I promised yesterday that I would share my actual Taj Mahal visit as well. It definitely ranks in the Top 10, even without the adventure of meeting my driver.

It's a 3-4 hour drive between Delhi and Agra. My assumption was that I would sleep both ways (remember, I was on the phone until after 2 AM, and we were leaving the hotel at 3 AM). Well, I didn't know that driving in India was, uh, so different. Now I had experienced different before -- Vietnam, July '00, which will be another story this week -- but this was even worse. My driver arrived in an SUV of some kind (not bad). However, he spoke very little English. He was a big fan of air conditioning, though, and it was almost too cold to sleep comfortably. Still, I managed to sleep for about 30 minutes...until the driving pattern changed. In India, lane markings are simply there to give someone a painting job. Rear-view mirrors, if they are on the vehicle at all, are hardly used. During the day, honking the horn is a required step, and at night, I learned, flashing your bright lights is the way to alert the vehicle in front that you are about to pass them. So, we spend several hours weaving in and out of the very slow-moving truck traffic, sometimes passing within inches. We also were stopped for quite a long time at the border between two Indian states... all the trucks had to stop for toll/inspection/food/something...and many were simply using the actual road as a "truck stop". The drivers were sleeping on cardboard underneath their own trucks, or on small benches on the side of the road. All of this made the drive a fair bit longer than anticipated.

We rolled into Agra about 6 AM. The sun was already up, unfortunately, but the tourist throngs were not yet awake. On the road in, we suddenly stopped, and the driver picked up a passenger. This man introduced himself as my "tour guide". Uh oh. Well, I didn't mind the idea of a guide...and I figured I had the GSM phone and could call the driver's company or my colleagues if something problematic occured.

You can't drive up to the Taj Mahal -- "pollution control". Instead, we drove to a parking lot, where we (tour guide and I) boarded an electric-powred bus for the remaining 500 m drive. I paid my non-Indian entrance fee -- almost US$20 -- and we were in. And there is nothing like it.
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It was totally worth it being there so early -- notice the absence of people. You can't go anywhere in India without there being other people, so at the biggest tourist attraction of all, I was impressed. The guide was reasonably useful; he told me the history, and he took me to all the known spots for the best photos. In total, I spent 75-90 minutes on the grounds.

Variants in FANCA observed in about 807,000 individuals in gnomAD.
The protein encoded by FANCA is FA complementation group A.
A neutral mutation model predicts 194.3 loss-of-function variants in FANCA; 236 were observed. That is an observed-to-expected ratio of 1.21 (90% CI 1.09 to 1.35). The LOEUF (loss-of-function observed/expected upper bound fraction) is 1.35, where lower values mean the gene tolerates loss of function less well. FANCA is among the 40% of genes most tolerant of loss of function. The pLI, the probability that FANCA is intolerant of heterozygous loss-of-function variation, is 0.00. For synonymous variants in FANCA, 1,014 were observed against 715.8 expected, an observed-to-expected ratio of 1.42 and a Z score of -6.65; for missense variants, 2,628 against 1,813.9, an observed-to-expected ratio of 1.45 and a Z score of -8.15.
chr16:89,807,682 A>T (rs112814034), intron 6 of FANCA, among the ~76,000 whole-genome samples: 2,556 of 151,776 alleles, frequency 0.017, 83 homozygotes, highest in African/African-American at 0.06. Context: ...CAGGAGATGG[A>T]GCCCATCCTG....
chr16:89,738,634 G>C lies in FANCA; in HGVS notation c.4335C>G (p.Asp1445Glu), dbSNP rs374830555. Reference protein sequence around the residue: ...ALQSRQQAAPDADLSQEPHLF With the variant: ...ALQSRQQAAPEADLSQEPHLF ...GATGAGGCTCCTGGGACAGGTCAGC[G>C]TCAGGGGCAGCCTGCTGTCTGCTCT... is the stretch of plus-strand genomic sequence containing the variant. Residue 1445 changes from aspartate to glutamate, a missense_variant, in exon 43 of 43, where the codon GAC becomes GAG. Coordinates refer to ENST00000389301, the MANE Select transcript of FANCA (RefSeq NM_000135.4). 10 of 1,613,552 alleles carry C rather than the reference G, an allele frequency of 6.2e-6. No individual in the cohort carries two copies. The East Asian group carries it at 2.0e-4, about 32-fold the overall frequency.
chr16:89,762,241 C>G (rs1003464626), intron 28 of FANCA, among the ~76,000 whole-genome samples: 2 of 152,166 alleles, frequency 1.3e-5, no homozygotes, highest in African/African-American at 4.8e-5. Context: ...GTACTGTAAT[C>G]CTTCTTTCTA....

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After we left, I guess I didn't know exactly what I wanted, and so I got taken advantage of. The tour guide took me to all his buddies' shops, trying to get me to buy jewelry/carpets/cashmere scarves/marble inlay goods. I naïvely thought that by buying something at the first place (I planned on buying some jewelry for the wife anyway), he would stop there. Wrong. But I went along with it, if only because it was interesting to see everything for sale. One carpet store must have had a dozen or more carpets unrolled before I convinced the shopowner I really wasn't going to buy anything.

I ended this game by indicating that I needed breakfast, which of course meant finding the restaurant that the guide's buddy owned. That was fine -- breakfast was about US$1, how much of a kickback could he have received on that?

We dismissed the tour guide at this point and headed back to Delhi. I know I should have seen the Red Fort and other sites, but how could you top the Taj Mahal anyway? The drive back was faster and a bit more comfortable. Now that it was daylight, I learned that all that crazy driving was not only normal, but that we were just following the instructions that are painted on the back of the trucks -- "Please sound horn....Use dipper at night".

You can see all my India trip photos online here.

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